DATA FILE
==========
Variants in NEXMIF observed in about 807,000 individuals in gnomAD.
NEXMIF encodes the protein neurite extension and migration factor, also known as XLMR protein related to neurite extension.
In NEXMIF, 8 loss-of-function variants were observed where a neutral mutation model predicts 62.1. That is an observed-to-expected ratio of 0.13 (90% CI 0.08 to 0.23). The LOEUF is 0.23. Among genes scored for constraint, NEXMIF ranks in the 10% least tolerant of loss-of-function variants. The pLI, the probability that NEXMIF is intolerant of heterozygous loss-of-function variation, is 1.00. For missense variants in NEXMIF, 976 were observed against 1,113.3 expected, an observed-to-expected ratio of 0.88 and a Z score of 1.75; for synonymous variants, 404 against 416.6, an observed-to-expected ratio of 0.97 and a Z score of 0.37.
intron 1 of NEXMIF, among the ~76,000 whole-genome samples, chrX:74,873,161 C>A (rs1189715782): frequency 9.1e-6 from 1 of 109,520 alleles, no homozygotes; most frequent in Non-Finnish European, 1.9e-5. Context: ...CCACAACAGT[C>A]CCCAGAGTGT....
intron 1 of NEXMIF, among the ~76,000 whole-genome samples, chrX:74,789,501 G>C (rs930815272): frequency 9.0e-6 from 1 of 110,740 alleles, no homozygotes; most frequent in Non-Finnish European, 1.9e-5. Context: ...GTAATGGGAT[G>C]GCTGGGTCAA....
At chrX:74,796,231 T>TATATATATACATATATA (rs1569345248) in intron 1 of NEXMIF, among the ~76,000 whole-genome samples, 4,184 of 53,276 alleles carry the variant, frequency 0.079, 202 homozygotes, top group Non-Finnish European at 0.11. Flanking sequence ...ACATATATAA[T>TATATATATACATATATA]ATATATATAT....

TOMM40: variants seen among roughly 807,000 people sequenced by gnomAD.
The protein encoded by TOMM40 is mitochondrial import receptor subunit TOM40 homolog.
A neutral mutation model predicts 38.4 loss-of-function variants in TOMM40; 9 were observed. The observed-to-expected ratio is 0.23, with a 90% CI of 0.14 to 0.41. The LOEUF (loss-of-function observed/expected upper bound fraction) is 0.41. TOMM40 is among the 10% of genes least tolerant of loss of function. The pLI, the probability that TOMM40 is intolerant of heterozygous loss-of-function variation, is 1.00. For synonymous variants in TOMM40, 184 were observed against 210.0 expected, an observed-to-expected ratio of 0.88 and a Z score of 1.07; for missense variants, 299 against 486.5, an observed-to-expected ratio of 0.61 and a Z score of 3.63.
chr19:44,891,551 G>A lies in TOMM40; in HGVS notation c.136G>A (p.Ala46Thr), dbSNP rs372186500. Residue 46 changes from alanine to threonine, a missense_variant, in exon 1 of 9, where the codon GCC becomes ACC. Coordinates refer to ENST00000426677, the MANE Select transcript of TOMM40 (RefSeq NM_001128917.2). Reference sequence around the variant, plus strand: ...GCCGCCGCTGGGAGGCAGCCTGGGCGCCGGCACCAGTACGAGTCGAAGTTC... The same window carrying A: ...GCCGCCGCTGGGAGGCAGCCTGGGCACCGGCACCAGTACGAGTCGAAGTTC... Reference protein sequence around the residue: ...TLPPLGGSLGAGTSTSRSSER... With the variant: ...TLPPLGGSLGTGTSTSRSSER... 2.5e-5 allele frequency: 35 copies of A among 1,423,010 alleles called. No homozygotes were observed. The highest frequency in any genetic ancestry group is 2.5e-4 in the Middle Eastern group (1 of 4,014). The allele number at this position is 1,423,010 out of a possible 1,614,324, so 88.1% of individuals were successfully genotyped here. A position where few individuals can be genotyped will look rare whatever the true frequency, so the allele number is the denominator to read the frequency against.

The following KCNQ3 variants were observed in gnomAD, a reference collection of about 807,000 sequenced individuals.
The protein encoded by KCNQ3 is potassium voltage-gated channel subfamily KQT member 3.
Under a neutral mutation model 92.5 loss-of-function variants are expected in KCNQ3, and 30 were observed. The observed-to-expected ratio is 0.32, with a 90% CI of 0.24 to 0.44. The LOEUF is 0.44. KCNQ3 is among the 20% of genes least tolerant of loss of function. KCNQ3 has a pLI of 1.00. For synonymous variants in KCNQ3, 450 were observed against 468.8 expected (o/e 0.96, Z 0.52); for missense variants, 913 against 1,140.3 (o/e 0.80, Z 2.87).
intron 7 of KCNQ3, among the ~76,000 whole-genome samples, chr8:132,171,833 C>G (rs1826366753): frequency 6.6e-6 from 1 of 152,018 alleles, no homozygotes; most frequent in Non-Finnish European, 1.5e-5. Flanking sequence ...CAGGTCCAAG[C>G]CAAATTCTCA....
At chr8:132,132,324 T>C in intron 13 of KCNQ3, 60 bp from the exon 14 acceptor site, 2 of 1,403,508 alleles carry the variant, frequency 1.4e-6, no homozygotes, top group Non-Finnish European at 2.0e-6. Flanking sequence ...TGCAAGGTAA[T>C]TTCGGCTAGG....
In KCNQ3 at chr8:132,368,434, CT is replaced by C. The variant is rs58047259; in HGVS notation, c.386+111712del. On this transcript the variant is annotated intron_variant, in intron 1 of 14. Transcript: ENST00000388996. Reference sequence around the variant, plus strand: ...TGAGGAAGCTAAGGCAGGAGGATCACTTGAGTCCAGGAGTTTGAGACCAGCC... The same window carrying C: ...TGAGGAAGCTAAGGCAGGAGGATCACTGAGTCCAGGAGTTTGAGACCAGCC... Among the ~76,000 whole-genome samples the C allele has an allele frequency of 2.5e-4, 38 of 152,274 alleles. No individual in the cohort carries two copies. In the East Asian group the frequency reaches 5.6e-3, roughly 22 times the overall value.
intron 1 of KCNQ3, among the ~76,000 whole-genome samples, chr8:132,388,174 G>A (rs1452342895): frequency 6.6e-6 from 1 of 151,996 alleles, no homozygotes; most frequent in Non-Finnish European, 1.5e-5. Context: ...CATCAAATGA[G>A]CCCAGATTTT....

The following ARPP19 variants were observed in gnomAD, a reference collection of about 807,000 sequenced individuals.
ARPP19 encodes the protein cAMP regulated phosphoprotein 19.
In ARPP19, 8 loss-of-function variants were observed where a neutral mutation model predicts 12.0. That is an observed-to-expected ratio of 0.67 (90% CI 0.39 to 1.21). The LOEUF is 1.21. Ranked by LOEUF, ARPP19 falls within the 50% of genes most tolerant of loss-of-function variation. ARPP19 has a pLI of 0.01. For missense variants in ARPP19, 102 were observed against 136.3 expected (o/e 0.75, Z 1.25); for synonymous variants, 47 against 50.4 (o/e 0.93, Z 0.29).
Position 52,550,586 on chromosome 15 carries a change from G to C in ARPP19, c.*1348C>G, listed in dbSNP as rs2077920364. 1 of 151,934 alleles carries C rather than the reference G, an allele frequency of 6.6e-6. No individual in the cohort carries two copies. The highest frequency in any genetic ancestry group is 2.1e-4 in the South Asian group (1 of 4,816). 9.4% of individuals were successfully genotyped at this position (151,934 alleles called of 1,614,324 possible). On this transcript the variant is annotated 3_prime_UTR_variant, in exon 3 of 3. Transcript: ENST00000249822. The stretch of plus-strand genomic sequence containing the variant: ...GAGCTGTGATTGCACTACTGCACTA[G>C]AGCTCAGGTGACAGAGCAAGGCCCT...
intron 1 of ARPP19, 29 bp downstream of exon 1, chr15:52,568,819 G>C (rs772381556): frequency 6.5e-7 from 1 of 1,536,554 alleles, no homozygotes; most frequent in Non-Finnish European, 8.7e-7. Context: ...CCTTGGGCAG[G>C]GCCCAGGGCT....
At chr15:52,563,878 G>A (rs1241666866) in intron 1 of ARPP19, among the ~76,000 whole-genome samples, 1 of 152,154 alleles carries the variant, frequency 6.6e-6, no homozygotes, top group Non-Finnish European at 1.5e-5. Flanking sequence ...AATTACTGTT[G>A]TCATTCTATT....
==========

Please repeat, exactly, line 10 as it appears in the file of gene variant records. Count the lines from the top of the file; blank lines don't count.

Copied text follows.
chr19:44,891,551 G>A lies in TOMM40; in HGVS notation c.136G>A (p.Ala46Thr), dbSNP rs372186500. Residue 46 changes from alanine to threonine, a missense_variant, in exon 1 of 9, where the codon GCC becomes ACC. Coordinates refer to ENST00000426677, the MANE Select transcript of TOMM40 (RefSeq NM_001128917.2). Reference sequence around the variant, plus strand: ...GCCGCCGCTGGGAGGCAGCCTGGGCGCCGGCACCAGTACGAGTCGAAGTTC... The same window carrying A: ...GCCGCCGCTGGGAGGCAGCCTGGGCACCGGCACCAGTACGAGTCGAAGTTC... Reference protein sequence around the residue: ...TLPPLGGSLGAGTSTSRSSER... With the variant: ...TLPPLGGSLGTGTSTSRSSER... 2.5e-5 allele frequency: 35 copies of A among 1,423,010 alleles called. No homozygotes were observed. The highest frequency in any genetic ancestry group is 2.5e-4 in the Middle Eastern group (1 of 4,014). The allele number at this position is 1,423,010 out of a possible 1,614,324, so 88.1% of individuals were successfully genotyped here. A position where few individuals can be genotyped will look rare whatever the true frequency, so the allele number is the denominator to read the frequency against.